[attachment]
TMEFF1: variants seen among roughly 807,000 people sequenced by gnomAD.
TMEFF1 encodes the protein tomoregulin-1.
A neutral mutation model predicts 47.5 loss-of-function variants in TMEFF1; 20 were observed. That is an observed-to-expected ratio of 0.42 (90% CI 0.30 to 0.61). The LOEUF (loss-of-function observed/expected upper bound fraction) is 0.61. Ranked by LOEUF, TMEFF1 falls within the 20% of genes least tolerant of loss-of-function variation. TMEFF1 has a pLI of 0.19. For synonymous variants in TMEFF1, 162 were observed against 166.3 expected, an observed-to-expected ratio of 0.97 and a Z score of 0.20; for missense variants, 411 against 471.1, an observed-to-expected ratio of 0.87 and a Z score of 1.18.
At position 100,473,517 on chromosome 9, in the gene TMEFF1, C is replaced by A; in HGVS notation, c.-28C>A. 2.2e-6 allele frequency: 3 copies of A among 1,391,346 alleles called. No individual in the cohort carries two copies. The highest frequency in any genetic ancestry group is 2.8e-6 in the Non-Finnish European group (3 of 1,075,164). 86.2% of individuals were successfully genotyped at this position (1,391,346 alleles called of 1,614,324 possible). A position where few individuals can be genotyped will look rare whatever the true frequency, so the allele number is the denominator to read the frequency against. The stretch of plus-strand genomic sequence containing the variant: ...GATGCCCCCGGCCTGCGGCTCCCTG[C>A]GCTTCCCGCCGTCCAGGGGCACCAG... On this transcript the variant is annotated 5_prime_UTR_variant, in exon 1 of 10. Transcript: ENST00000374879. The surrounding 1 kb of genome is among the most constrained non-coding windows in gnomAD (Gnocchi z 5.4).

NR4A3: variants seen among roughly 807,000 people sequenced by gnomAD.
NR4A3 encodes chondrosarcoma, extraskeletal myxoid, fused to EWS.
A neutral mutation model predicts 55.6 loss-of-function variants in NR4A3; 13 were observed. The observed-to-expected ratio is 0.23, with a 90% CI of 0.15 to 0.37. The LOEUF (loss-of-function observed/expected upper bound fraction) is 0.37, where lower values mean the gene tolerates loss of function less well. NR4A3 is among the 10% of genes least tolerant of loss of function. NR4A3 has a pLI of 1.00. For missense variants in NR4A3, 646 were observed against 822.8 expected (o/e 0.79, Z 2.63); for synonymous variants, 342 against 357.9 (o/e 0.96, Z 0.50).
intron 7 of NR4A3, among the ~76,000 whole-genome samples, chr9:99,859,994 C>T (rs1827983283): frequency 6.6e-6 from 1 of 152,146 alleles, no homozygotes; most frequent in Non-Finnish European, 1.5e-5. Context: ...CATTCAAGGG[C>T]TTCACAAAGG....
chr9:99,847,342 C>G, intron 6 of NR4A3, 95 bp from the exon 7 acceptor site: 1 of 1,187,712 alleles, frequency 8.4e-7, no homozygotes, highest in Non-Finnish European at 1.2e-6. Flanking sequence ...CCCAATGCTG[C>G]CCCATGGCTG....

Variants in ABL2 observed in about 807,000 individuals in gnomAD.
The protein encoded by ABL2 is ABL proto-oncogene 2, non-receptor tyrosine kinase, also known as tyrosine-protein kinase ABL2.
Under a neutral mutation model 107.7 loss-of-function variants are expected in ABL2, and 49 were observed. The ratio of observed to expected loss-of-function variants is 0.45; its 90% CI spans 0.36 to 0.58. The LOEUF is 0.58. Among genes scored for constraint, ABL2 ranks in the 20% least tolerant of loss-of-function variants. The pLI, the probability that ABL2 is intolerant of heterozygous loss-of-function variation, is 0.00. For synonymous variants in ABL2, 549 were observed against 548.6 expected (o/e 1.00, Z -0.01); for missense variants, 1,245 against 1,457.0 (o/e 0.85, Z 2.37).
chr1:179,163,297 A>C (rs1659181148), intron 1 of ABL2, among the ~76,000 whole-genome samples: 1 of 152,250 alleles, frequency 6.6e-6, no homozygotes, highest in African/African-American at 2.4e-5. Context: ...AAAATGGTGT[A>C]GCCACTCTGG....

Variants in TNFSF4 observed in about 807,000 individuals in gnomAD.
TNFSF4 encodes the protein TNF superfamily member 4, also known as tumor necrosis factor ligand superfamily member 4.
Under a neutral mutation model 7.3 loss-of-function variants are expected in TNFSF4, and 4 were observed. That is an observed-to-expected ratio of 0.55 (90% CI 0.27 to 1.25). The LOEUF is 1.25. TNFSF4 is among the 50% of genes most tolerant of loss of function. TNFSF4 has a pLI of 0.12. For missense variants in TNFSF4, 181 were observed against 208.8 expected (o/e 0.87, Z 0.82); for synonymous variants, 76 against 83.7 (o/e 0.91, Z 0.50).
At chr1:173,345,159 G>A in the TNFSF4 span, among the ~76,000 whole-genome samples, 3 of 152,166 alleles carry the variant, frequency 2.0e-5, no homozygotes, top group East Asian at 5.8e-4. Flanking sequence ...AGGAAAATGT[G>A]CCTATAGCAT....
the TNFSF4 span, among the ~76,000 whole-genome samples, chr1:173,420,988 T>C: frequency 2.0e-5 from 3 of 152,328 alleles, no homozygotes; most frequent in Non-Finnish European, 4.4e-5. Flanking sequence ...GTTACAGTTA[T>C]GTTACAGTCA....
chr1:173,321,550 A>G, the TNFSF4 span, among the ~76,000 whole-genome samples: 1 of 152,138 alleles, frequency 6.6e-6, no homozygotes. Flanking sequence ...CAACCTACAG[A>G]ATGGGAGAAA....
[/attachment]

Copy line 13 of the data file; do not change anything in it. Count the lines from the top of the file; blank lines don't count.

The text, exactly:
chr1:179,163,297 A>C (rs1659181148), intron 1 of ABL2, among the ~76,000 whole-genome samples: 1 of 152,250 alleles, frequency 6.6e-6, no homozygotes, highest in African/African-American at 2.4e-5. Context: ...AAAATGGTGT[A>C]GCCACTCTGG....